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Assets Recovered By The Bankrupt Cryptocurrency Exchange FTX Totals $7.3 Billion

Assets Recovered By The Bankrupt Cryptocurrency Exchange FTX Totals $7.3 Billion
At a hearing in a Delaware bankruptcy court on Wednesday, the attorney of the bankrupt cryptocurrency exchange FTX said that the company had recovered more than $7.3 billion in cash and liquid crypto assets, an increase of more than $800 million since January.
After months of work committed to gathering resources and determining what went wrong under the leadership of accused ex-founder Sam Bankman-Fried, according to FTX attorney Andy Dietderich, the firm is now beginning to think about its future. Bankman-Fried entered a not-guilty plea.
"The situation has stabilized, and the dumpster fire is out," Dietderich said.
According to Dietderich, FTX has profited from a recent increase in crypto prices. Based on cryptocurrency values from November 2022, when it declared for bankruptcy after traders withdrew $6 billion from the marketplace in three days and rival exchange Binance abandoned a rescue arrangement, its total recovery would be worth $6.2 billion.
John Ray, the new CEO of FTX, described the failed cryptocurrency exchange's botched financial transfers and inadequate bookkeeping as a "complete failure" of controls.
Regarding options for restarting its cryptocurrency exchange, FTX is in discussions with stakeholders and could decide in the current quarter, according to Dietderich.
He did not go into much detail about what a reboot may entail for FTX customers whose crypto deposits were frozen during the bankruptcy proceedings.
Due to Japan's somewhat strict cryptocurrency legislation, only FTX consumers in that nation have been able to withdraw money thus far, according to Dietderich.
Due to the fact that the current consumer interface had little to do with the flow of money behind the scenes, the attorney claimed that FTX would require a sizable sum of money to restart its cryptocurrency exchange.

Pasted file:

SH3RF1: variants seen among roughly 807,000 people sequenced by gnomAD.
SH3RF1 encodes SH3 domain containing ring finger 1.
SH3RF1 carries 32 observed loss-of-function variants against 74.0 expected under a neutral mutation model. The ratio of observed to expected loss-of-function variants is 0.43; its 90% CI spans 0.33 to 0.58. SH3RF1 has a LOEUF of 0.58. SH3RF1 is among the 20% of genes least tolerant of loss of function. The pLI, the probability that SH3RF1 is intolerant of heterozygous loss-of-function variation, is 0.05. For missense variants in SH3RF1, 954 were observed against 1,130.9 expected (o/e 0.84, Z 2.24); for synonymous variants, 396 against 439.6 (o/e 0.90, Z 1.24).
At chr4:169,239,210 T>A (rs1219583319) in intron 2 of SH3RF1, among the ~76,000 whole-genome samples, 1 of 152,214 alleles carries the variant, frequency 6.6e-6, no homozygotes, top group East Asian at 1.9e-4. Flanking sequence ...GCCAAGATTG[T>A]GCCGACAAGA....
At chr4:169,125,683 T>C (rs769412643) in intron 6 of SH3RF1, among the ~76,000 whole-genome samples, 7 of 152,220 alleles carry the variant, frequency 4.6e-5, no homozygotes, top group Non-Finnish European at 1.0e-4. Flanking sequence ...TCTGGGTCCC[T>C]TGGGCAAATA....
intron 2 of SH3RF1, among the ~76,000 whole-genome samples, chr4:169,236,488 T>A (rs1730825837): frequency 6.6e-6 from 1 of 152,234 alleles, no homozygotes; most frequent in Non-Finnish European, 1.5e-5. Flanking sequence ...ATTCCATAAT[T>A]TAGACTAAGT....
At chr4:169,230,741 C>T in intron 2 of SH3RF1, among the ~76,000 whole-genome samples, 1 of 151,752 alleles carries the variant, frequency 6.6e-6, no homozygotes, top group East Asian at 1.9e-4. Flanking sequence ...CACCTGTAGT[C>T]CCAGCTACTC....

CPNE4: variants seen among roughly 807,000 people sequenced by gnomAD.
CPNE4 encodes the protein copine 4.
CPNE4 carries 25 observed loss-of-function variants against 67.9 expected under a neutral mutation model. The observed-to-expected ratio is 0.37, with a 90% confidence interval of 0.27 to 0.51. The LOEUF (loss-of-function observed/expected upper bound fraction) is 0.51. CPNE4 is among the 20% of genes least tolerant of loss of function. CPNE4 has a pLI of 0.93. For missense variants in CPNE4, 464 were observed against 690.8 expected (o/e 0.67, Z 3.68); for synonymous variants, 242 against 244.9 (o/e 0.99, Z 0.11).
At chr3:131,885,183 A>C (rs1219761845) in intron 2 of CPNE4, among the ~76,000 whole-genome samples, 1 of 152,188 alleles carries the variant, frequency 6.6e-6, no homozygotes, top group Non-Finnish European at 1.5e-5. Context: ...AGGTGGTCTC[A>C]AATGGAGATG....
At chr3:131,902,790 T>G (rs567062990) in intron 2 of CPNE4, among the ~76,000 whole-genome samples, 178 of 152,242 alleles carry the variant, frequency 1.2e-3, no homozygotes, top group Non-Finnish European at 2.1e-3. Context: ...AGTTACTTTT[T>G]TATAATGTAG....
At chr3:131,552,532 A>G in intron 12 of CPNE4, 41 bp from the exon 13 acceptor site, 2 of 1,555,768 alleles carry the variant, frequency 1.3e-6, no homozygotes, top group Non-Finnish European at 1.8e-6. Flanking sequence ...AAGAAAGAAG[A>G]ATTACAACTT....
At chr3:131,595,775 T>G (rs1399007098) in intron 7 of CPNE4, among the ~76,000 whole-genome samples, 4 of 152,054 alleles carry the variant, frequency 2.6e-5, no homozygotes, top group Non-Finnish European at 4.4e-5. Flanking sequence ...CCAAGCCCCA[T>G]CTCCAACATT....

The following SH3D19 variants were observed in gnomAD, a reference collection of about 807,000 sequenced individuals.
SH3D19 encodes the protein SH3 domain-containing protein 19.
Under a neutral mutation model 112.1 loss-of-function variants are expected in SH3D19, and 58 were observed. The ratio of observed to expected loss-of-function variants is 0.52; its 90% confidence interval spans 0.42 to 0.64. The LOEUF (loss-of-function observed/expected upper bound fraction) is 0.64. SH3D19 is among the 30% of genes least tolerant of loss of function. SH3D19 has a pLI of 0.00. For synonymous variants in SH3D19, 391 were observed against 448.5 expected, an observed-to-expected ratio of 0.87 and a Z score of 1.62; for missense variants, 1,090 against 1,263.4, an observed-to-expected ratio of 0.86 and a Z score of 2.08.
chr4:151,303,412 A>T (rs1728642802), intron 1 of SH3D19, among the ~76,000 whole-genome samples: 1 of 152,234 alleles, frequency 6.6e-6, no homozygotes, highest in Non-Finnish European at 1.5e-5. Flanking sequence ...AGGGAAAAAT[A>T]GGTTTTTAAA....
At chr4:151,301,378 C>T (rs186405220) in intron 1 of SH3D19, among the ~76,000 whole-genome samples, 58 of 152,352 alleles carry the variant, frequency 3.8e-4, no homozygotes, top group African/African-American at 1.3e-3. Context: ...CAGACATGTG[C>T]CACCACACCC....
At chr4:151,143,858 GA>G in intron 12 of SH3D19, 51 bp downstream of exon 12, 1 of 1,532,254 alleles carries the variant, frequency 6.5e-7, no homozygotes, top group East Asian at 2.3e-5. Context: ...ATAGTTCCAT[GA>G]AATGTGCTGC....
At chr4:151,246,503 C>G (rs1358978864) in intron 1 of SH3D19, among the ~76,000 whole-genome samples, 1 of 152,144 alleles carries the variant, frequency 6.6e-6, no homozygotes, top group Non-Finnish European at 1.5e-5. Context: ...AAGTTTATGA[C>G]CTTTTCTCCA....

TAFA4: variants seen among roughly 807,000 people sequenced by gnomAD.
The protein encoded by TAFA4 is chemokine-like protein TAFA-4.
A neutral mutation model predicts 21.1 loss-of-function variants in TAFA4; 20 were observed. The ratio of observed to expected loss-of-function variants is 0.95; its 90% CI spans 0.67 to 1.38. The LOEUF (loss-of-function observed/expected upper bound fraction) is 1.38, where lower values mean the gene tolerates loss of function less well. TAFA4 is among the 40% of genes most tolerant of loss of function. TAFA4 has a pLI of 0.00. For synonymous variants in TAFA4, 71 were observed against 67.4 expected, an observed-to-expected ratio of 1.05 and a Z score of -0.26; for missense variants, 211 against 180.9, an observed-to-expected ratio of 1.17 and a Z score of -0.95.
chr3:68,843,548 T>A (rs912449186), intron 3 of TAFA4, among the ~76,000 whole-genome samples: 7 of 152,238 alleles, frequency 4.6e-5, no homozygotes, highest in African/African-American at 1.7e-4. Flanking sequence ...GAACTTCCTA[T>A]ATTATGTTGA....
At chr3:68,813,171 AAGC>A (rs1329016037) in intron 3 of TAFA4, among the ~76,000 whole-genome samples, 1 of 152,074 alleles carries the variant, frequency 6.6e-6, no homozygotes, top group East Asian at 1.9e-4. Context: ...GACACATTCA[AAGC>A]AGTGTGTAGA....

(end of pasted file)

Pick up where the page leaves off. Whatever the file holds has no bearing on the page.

"The app worked beautifully, but in truth it was a facade," Dietderich said.
According to Dietderich, it is unclear if FTX should use its own money to restart the exchange rather than utilizing it to reimburse clients. The exchange may need outside money or the sale of exchange assets to restart.
According to Dietderich, FTX is also developing a preliminary Chapter 11 plan that would provide the company with a way out of bankruptcy.
While acknowledging that many specifics will need to be worked out as creditors compete for their portion of the company's assets, FTX aims to file that plan by the end of July. No Chapter 11 plan is anticipated to be authorized before the second quarter of 2024, according to FTX.
For their part in the company's demise, Bankman-Fried and a number of other executives have been charged with fraud. The former members of Bankman-Fried's inner circle have entered guilty pleas and promised to cooperate with investigators, in contrast to Bankman-Fried's not guilty plea.

Christopher J. Mitchell

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